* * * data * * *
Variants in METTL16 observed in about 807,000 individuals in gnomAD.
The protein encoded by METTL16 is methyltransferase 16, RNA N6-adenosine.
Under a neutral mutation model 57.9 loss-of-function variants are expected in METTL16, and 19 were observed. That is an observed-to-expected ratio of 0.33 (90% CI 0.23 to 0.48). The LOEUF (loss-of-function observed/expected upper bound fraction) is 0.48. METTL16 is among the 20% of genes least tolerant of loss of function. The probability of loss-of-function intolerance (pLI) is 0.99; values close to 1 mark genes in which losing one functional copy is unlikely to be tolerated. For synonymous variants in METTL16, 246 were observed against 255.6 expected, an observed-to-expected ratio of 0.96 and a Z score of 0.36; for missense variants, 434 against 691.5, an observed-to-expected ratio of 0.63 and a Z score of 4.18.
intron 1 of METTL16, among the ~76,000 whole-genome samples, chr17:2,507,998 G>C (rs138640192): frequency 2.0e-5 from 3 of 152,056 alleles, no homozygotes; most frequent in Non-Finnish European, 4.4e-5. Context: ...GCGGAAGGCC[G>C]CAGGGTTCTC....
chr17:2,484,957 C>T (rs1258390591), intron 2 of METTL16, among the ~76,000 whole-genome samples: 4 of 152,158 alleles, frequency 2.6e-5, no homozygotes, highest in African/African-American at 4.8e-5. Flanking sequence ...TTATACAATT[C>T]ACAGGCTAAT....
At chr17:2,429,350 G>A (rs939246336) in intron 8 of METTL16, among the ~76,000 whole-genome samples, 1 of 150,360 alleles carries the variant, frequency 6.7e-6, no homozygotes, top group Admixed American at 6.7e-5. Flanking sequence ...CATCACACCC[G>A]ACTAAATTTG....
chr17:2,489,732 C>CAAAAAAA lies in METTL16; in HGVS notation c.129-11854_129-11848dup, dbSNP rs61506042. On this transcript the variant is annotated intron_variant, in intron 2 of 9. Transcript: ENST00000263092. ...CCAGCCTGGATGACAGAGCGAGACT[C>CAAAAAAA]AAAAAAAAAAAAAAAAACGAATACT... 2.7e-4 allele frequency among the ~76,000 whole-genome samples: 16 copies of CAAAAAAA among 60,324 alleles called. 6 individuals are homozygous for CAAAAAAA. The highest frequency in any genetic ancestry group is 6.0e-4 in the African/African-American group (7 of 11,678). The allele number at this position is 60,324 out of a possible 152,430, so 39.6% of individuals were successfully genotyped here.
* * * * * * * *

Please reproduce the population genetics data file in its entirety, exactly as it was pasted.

Variants in METTL16 observed in about 807,000 individuals in gnomAD.
The protein encoded by METTL16 is methyltransferase 16, RNA N6-adenosine.
Under a neutral mutation model 57.9 loss-of-function variants are expected in METTL16, and 19 were observed. That is an observed-to-expected ratio of 0.33 (90% CI 0.23 to 0.48). The LOEUF (loss-of-function observed/expected upper bound fraction) is 0.48. METTL16 is among the 20% of genes least tolerant of loss of function. The probability of loss-of-function intolerance (pLI) is 0.99; values close to 1 mark genes in which losing one functional copy is unlikely to be tolerated. For synonymous variants in METTL16, 246 were observed against 255.6 expected, an observed-to-expected ratio of 0.96 and a Z score of 0.36; for missense variants, 434 against 691.5, an observed-to-expected ratio of 0.63 and a Z score of 4.18.
intron 1 of METTL16, among the ~76,000 whole-genome samples, chr17:2,507,998 G>C (rs138640192): frequency 2.0e-5 from 3 of 152,056 alleles, no homozygotes; most frequent in Non-Finnish European, 4.4e-5. Context: ...GCGGAAGGCC[G>C]CAGGGTTCTC....
chr17:2,484,957 C>T (rs1258390591), intron 2 of METTL16, among the ~76,000 whole-genome samples: 4 of 152,158 alleles, frequency 2.6e-5, no homozygotes, highest in African/African-American at 4.8e-5. Flanking sequence ...TTATACAATT[C>T]ACAGGCTAAT....
At chr17:2,429,350 G>A (rs939246336) in intron 8 of METTL16, among the ~76,000 whole-genome samples, 1 of 150,360 alleles carries the variant, frequency 6.7e-6, no homozygotes, top group Admixed American at 6.7e-5. Flanking sequence ...CATCACACCC[G>A]ACTAAATTTG....
chr17:2,489,732 C>CAAAAAAA lies in METTL16; in HGVS notation c.129-11854_129-11848dup, dbSNP rs61506042. On this transcript the variant is annotated intron_variant, in intron 2 of 9. Transcript: ENST00000263092. ...CCAGCCTGGATGACAGAGCGAGACT[C>CAAAAAAA]AAAAAAAAAAAAAAAAACGAATACT... 2.7e-4 allele frequency among the ~76,000 whole-genome samples: 16 copies of CAAAAAAA among 60,324 alleles called. 6 individuals are homozygous for CAAAAAAA. The highest frequency in any genetic ancestry group is 6.0e-4 in the African/African-American group (7 of 11,678). The allele number at this position is 60,324 out of a possible 152,430, so 39.6% of individuals were successfully genotyped here.